Biddeford’s mayor is vowing to crack down on disruptions of City Council meetings by critics of the city’s response to sex abuse allegations, and has accused them of using the issue to further their own political aims.

Mayor Alan Casavant made the comments in an email Monday to city residents. It was the first time he has discussed at length the tension surrounding the allegations against a former city police officer and the resulting criminal investigation that ended recently when the Attorney General’s Office declined to file charges. The City Council last week voted not to launch an internal investigation of the department or put the police chief on leave, despite pleas from alleged victims and their supporters to do more to address the turmoil.

Since Biddeford native Matt Lauzon went public earlier this year with allegations that now-retired officer Stephen Dodd sexually abused him more than a decade ago, he and his supporters have waged an aggressive campaign on social media and at city meetings to bring attention to the issue and demand action by city officials. Two council meetings were abruptly ended because of unruly behavior by the audience and others have been disrupted by profane outbursts and shouting.

City officials have largely stayed quiet, citing first the criminal investigation, then the threat of a civil lawsuit Lauzon says he will file by the end of the year. But in his email, Casavant, who is running for re-election in November, wrote at length about council meetings he says have been “under siege by a small, very vocal, coordinated minority” of residents.

“I’ll be blunt,” Casavant wrote. “This conduct is deplorable, and it is a mere handful of residents who have decided that, in this way, they will hijack every meeting – using any excuse.”

If people speaking during public comment periods – held at the end of council meetings – continue to swear, heckle or yell, Casavant said, he will immediately recess the meeting for the evening. He said that would be unfortunate because it deprives others of the opportunity to address the council.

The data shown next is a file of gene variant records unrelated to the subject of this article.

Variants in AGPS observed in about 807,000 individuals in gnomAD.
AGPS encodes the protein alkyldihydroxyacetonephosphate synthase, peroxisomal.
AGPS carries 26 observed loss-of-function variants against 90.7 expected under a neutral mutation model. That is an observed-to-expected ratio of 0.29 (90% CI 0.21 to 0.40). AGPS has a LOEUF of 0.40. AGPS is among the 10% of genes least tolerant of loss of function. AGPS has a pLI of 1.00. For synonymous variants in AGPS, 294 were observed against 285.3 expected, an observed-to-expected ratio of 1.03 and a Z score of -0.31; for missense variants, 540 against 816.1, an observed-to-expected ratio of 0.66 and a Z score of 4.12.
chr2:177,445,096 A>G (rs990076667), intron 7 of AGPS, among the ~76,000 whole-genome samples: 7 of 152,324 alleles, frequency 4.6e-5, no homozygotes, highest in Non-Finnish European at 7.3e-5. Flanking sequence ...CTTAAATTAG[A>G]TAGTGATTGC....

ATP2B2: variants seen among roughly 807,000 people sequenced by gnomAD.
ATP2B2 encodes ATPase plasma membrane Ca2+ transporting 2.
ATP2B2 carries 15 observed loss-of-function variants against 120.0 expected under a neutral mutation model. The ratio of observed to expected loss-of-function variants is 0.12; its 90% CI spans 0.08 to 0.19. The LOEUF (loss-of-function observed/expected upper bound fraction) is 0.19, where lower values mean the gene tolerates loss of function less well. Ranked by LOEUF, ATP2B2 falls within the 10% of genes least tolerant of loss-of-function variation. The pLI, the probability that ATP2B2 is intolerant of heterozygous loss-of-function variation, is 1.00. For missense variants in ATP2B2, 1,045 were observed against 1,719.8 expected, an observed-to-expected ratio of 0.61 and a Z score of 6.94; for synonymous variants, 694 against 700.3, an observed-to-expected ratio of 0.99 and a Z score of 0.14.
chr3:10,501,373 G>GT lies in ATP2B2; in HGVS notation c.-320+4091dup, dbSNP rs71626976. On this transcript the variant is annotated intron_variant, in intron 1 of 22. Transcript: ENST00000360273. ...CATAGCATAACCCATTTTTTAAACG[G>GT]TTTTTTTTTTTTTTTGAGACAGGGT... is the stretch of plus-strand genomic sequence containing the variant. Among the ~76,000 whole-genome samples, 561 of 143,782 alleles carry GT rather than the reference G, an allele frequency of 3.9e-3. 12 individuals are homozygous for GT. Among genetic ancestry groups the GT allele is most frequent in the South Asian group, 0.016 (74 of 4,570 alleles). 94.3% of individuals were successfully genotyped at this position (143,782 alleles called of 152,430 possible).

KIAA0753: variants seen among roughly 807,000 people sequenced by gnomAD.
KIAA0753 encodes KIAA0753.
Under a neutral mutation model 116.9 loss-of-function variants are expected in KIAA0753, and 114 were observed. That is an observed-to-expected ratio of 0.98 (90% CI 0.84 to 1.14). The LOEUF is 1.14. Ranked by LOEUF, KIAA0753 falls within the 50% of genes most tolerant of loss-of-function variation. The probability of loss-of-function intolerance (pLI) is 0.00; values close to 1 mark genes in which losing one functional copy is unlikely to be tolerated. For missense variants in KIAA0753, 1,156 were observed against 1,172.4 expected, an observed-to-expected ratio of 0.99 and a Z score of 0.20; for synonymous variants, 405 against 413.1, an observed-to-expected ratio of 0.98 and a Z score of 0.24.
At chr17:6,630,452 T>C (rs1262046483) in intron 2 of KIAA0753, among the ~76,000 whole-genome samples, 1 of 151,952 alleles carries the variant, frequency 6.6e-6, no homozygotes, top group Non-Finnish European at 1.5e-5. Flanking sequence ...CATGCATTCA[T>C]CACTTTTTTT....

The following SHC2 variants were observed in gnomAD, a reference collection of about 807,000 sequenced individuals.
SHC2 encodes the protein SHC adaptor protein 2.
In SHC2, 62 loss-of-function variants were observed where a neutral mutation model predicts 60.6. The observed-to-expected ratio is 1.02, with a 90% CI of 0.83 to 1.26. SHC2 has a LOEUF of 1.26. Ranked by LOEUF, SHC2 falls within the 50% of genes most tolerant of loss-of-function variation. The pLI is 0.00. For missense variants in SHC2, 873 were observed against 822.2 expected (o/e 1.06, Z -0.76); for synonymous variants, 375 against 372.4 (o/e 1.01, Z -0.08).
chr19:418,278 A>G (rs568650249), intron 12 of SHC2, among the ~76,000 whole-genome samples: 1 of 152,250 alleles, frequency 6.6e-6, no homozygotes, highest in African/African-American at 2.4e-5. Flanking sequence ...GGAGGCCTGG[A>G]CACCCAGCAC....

“I’m not going to give them a forum for their obscenities and manufactured news,” he said Tuesday.

The tensions surrounding Lauzon’s allegations have become increasingly politicized as the city heads toward an election where residents will choose a mayor, all nine city councilors and school board members. Among the candidates are vocal supporters of Lauzon and other alleged victims. Lauzon’s mother, Debbie Lauzon, is running for city council.

Casavant’s letter accuses critics of trying to “trigger a loss of respect and faith in current elected officials. … The mission of the group has completely morphed and the purpose now, very poorly concealed, is to destabilize and undermine the current city government in order to secure public office for themselves.”

Lauzon bristled at the mayor’s letter and renewed his challenge to have Casavant take a lie-detector test in public while answering questions about his response to the abuse allegations. Lauzon said he would do the same.

“My rebuttal (to the letter) will be in court,” Lauzon said Tuesday. “I’m disgusted that the mayor has used sexual abuse of children for political gain and I’m surprised that he’d so openly publish misinformation.”

Lauzon said he does not know of any candidates running for office solely because of the sex abuse issue.

Lauzon’s attorney, Walter McKee, said Casavant’s letter “was more than a little bizarre with its conspiracy theories and hyper-defensiveness.”

“I don’t know that the mayor is talking about when he rattles on about politics,” McKee said. “It is really quite simple. He and others on the council don’t want to do anything despite overwhelming evidence of sexual abuse by city employees and knowledge of superiors. If the people of Biddeford think that’s a great idea they will re-elect them; if they don’t, they might consider another option that certainly can’t be any worse.”

In his letter, Casavant said the council has not been dismissive of stories of abuse from decades ago and has not ignored the alleged victims. He said information reviewed by the council shows allegations that Police Chief Roger Beaupre and others covered up the abuse are “emphatically false.”

Casavant also said that taking “hostile employment action” – or suspending – the police chief would violate Beaupre’s right to privacy, violate his right to due process and violate many municipal, state and federal regulations.

Daniel Parenteau, who is running against Casavant, said in an email Tuesday that he has not always agreed with Matt Lauzon or his supporters and is running for mayor for a long list of reasons beyond the city’s handling of the controversy.

“It is widely known that I have not made the issue of sexual assault in this city a singular platform in this campaign,” he said.

“Let this be about the needs of the citizens and not perpetuate a destructive narrative.”

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